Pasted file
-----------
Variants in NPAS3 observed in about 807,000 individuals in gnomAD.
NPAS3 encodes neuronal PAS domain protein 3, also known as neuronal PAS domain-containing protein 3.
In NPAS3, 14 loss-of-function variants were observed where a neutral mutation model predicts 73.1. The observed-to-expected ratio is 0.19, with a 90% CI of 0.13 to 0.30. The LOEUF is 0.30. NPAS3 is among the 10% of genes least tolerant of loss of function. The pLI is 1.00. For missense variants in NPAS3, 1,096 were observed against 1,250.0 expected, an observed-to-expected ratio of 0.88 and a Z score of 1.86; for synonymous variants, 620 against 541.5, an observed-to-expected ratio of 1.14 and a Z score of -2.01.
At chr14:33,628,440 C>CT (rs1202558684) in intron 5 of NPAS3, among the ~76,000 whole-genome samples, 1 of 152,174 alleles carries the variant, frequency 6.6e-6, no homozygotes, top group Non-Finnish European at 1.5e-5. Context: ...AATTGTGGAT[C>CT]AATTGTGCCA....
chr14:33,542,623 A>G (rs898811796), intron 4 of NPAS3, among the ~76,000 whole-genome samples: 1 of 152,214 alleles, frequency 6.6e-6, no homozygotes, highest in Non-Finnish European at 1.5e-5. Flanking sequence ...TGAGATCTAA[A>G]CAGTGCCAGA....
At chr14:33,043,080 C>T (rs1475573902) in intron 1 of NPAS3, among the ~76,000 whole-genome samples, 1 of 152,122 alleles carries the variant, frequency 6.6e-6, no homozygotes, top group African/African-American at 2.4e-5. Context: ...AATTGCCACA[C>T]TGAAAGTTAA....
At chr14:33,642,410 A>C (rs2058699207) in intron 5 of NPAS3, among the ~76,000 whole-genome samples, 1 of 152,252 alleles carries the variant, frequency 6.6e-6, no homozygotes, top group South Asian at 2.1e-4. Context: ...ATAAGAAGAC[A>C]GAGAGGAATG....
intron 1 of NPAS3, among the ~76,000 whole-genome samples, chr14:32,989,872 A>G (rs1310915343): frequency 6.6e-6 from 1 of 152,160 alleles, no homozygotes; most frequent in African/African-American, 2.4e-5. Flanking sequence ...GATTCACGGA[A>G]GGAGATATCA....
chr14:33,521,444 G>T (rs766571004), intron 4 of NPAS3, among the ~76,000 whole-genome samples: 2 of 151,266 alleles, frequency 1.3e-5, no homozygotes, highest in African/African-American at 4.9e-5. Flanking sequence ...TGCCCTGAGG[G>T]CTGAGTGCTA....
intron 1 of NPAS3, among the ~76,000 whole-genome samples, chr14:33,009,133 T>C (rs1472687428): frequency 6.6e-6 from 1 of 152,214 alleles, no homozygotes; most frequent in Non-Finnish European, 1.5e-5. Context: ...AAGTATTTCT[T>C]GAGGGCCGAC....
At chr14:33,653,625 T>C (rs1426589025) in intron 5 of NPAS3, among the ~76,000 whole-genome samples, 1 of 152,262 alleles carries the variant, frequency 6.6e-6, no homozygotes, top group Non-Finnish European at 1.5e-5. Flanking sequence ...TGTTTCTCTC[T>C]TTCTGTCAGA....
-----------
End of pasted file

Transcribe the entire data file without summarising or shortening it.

Variants in NPAS3 observed in about 807,000 individuals in gnomAD.
NPAS3 encodes neuronal PAS domain protein 3, also known as neuronal PAS domain-containing protein 3.
In NPAS3, 14 loss-of-function variants were observed where a neutral mutation model predicts 73.1. The observed-to-expected ratio is 0.19, with a 90% CI of 0.13 to 0.30. The LOEUF is 0.30. NPAS3 is among the 10% of genes least tolerant of loss of function. The pLI is 1.00. For missense variants in NPAS3, 1,096 were observed against 1,250.0 expected, an observed-to-expected ratio of 0.88 and a Z score of 1.86; for synonymous variants, 620 against 541.5, an observed-to-expected ratio of 1.14 and a Z score of -2.01.
At chr14:33,628,440 C>CT (rs1202558684) in intron 5 of NPAS3, among the ~76,000 whole-genome samples, 1 of 152,174 alleles carries the variant, frequency 6.6e-6, no homozygotes, top group Non-Finnish European at 1.5e-5. Context: ...AATTGTGGAT[C>CT]AATTGTGCCA....
chr14:33,542,623 A>G (rs898811796), intron 4 of NPAS3, among the ~76,000 whole-genome samples: 1 of 152,214 alleles, frequency 6.6e-6, no homozygotes, highest in Non-Finnish European at 1.5e-5. Flanking sequence ...TGAGATCTAA[A>G]CAGTGCCAGA....
At chr14:33,043,080 C>T (rs1475573902) in intron 1 of NPAS3, among the ~76,000 whole-genome samples, 1 of 152,122 alleles carries the variant, frequency 6.6e-6, no homozygotes, top group African/African-American at 2.4e-5. Context: ...AATTGCCACA[C>T]TGAAAGTTAA....
At chr14:33,642,410 A>C (rs2058699207) in intron 5 of NPAS3, among the ~76,000 whole-genome samples, 1 of 152,252 alleles carries the variant, frequency 6.6e-6, no homozygotes, top group South Asian at 2.1e-4. Context: ...ATAAGAAGAC[A>C]GAGAGGAATG....
intron 1 of NPAS3, among the ~76,000 whole-genome samples, chr14:32,989,872 A>G (rs1310915343): frequency 6.6e-6 from 1 of 152,160 alleles, no homozygotes; most frequent in African/African-American, 2.4e-5. Flanking sequence ...GATTCACGGA[A>G]GGAGATATCA....
chr14:33,521,444 G>T (rs766571004), intron 4 of NPAS3, among the ~76,000 whole-genome samples: 2 of 151,266 alleles, frequency 1.3e-5, no homozygotes, highest in African/African-American at 4.9e-5. Flanking sequence ...TGCCCTGAGG[G>T]CTGAGTGCTA....
intron 1 of NPAS3, among the ~76,000 whole-genome samples, chr14:33,009,133 T>C (rs1472687428): frequency 6.6e-6 from 1 of 152,214 alleles, no homozygotes; most frequent in Non-Finnish European, 1.5e-5. Context: ...AAGTATTTCT[T>C]GAGGGCCGAC....
At chr14:33,653,625 T>C (rs1426589025) in intron 5 of NPAS3, among the ~76,000 whole-genome samples, 1 of 152,262 alleles carries the variant, frequency 6.6e-6, no homozygotes, top group Non-Finnish European at 1.5e-5. Flanking sequence ...TGTTTCTCTC[T>C]TTCTGTCAGA....